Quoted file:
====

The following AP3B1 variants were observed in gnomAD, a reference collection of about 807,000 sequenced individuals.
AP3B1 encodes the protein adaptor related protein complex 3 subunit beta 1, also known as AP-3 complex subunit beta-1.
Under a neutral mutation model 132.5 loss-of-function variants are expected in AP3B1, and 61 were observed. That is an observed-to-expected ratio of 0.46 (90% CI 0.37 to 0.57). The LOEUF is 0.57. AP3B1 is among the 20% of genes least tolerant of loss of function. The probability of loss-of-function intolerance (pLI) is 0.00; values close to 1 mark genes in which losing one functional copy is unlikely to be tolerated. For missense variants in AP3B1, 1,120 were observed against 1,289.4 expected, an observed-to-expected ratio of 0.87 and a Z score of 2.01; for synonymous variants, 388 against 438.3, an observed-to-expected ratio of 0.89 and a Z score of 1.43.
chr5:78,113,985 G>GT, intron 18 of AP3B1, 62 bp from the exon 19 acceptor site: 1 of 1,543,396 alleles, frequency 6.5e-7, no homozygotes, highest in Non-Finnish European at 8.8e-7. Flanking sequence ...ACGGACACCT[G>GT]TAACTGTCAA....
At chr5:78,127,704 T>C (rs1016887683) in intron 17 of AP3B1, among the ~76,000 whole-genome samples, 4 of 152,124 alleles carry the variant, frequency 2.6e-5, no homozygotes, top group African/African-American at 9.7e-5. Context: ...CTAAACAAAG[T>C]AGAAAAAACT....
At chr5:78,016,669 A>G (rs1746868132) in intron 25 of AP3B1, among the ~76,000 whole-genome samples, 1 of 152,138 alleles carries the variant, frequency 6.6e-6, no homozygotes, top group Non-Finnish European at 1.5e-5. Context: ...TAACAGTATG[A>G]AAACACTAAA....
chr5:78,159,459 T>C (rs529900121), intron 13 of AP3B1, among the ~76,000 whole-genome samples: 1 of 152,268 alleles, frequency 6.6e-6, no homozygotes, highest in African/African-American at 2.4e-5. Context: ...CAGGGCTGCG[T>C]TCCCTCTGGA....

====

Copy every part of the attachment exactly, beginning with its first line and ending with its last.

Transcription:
The following AP3B1 variants were observed in gnomAD, a reference collection of about 807,000 sequenced individuals.
AP3B1 encodes the protein adaptor related protein complex 3 subunit beta 1, also known as AP-3 complex subunit beta-1.
Under a neutral mutation model 132.5 loss-of-function variants are expected in AP3B1, and 61 were observed. That is an observed-to-expected ratio of 0.46 (90% CI 0.37 to 0.57). The LOEUF is 0.57. AP3B1 is among the 20% of genes least tolerant of loss of function. The probability of loss-of-function intolerance (pLI) is 0.00; values close to 1 mark genes in which losing one functional copy is unlikely to be tolerated. For missense variants in AP3B1, 1,120 were observed against 1,289.4 expected, an observed-to-expected ratio of 0.87 and a Z score of 2.01; for synonymous variants, 388 against 438.3, an observed-to-expected ratio of 0.89 and a Z score of 1.43.
chr5:78,113,985 G>GT, intron 18 of AP3B1, 62 bp from the exon 19 acceptor site: 1 of 1,543,396 alleles, frequency 6.5e-7, no homozygotes, highest in Non-Finnish European at 8.8e-7. Flanking sequence ...ACGGACACCT[G>GT]TAACTGTCAA....
At chr5:78,127,704 T>C (rs1016887683) in intron 17 of AP3B1, among the ~76,000 whole-genome samples, 4 of 152,124 alleles carry the variant, frequency 2.6e-5, no homozygotes, top group African/African-American at 9.7e-5. Context: ...CTAAACAAAG[T>C]AGAAAAAACT....
At chr5:78,016,669 A>G (rs1746868132) in intron 25 of AP3B1, among the ~76,000 whole-genome samples, 1 of 152,138 alleles carries the variant, frequency 6.6e-6, no homozygotes, top group Non-Finnish European at 1.5e-5. Context: ...TAACAGTATG[A>G]AAACACTAAA....
chr5:78,159,459 T>C (rs529900121), intron 13 of AP3B1, among the ~76,000 whole-genome samples: 1 of 152,268 alleles, frequency 6.6e-6, no homozygotes, highest in African/African-American at 2.4e-5. Context: ...CAGGGCTGCG[T>C]TCCCTCTGGA....